Many more autistics are being diagnosed now than a few decades ago, and autism was not known before Kanner reported on it in 1943. The cause of the autism “epidemic” is a subject of continuous debate: some people claim that autism as a disorder is increasing, perhaps due to environmental toxins or vaccines. Others, among which I am, claim that the disorder is just diagnosed more frequently, due to increased awareness and broadened criteria. However, these kids and adults should come to the attention of clinicians before they’ll ever be diagnosed. Kanner did not grab a group of children out of the streets, invent a disorder, labeled them with it and reported in a journal. A child or an adult will not be labeled with autism or Asperger’s unless they have significant problems at work, at school, in socialization or in other important areas of functioning. The simple fact that a clinician knows more about autism, will not get them to diagnose a neurotypical child as autistic, and the DSM criteria for Asperger’s are nothing like “shyness”, regardless of what anti-psychiatry activists will want us to believe.
So does that say that autism should truly be increasing? Not necessarily. The constellation of neurological characteristics now diagnosed as autism, has probably always existed, just like the neurological constellations for ADHD and dyslexia have likely always existed. However, do you think that, during the time that no-one could read, anyone was diagnosed as dyslexic? Not likely.
I’ve recently been reading a book in which autistic adults tell their stories. The editor of the book, herself not autistic, speculates in the preface that autism may be more noticeable these days due to our modern information society. After all, society was never as fast-paced as it is now, and never did people need to process so much information and stimulation at once. This does not mean that there’s suddenly sprung up a group of people with neurologies that are incompatible with these expectations, but that people with a neurology incompatible with these expectations, are more likely to get stuck – and, once they’ve gotten stuck, end up in the clinician’s office.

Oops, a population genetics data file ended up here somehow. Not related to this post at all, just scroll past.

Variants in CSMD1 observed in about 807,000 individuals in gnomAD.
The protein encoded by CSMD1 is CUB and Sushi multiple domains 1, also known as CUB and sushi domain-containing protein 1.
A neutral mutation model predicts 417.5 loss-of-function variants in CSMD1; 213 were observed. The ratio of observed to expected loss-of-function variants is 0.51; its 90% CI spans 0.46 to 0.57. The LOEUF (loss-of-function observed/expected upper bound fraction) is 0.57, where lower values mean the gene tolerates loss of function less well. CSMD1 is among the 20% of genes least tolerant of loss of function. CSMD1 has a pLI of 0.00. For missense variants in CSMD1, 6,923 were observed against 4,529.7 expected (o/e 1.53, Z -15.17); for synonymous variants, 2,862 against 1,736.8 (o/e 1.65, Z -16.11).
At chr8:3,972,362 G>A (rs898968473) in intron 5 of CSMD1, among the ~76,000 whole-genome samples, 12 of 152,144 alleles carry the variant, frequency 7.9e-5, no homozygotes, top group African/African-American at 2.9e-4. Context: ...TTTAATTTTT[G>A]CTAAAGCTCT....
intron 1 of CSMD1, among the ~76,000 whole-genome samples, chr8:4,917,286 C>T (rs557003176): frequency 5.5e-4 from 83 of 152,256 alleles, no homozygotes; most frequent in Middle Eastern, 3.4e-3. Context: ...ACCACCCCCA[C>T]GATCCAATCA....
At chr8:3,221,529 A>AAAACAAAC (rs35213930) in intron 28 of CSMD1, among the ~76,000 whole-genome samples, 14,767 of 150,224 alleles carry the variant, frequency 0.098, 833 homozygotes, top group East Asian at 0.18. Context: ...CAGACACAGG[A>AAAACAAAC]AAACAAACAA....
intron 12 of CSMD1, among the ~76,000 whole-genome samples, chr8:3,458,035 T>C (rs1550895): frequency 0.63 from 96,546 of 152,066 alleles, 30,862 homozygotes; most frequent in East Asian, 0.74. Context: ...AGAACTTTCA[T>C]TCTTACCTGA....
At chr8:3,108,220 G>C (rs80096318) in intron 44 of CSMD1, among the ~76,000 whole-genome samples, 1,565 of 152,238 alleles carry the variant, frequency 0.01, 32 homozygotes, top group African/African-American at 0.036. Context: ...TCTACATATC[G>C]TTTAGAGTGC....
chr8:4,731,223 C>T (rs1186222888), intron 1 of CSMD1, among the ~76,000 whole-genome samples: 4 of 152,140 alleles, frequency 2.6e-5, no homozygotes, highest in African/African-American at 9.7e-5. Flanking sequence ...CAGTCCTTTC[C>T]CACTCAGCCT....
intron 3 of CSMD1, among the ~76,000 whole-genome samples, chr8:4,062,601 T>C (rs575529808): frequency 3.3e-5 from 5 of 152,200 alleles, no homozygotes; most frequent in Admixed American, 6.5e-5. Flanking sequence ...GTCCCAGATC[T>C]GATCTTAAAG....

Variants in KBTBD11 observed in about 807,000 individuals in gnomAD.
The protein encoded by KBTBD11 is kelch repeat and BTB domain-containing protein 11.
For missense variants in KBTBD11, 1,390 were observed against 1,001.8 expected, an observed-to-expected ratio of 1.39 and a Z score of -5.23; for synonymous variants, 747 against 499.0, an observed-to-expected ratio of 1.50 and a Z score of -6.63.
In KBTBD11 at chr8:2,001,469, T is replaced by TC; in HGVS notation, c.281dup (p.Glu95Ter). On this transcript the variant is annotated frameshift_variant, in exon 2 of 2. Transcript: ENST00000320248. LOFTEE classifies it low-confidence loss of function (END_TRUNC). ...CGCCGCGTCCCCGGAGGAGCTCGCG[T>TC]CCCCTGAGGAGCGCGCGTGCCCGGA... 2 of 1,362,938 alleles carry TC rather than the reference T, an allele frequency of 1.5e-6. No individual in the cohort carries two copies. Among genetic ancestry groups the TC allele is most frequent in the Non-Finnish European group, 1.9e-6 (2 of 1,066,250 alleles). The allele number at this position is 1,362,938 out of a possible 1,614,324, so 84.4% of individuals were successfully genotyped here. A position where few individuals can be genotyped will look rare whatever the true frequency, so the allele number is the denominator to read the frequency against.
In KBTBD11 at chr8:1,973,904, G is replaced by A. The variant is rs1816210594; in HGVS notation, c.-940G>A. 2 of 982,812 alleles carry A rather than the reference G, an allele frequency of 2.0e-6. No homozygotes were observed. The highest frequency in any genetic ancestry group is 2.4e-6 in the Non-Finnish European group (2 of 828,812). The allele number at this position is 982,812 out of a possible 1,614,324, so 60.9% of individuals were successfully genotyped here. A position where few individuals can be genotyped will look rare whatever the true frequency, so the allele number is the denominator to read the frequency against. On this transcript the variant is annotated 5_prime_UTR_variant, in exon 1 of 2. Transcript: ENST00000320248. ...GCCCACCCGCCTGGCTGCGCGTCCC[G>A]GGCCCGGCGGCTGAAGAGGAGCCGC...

I am not sayig that autism is merely a social construct. It is not. In fact, autistics do have significant neurological differences from neurotypical people, and in this world, not recognizing this, is setting up autistics for failure. But in a world that doesn’t value the processing and filtering of large chunks of information at once as much as ours does, these neurological differences would not have been a problem, just as dyslexia “didn’t exist” when most people couldn’t read anyway and ADHD “didn’t exist” when most people carried out physical labor – for which hyperactivity may be an asset.
This is really the reason why I won’t take “Einsteinaise” trivializations of my problems: Einstein doesn’t live in 2008. I understand the good intentions behind such comparisons: to show that the autistic mindset does have its positive aspects, to show that autistics can accomplish great things, etc. I agree to both of these, but simply saying that Einstein was autistic so I really shouldn’t have many problems, makes no sense. All of us are connected to the society we live in, and if that society is not compatible with our neurological or psychological characteristics, that is going to cause hardship. Calling our problems social constructs, will not ease that – because the world isn’t going to change in a heartbeat.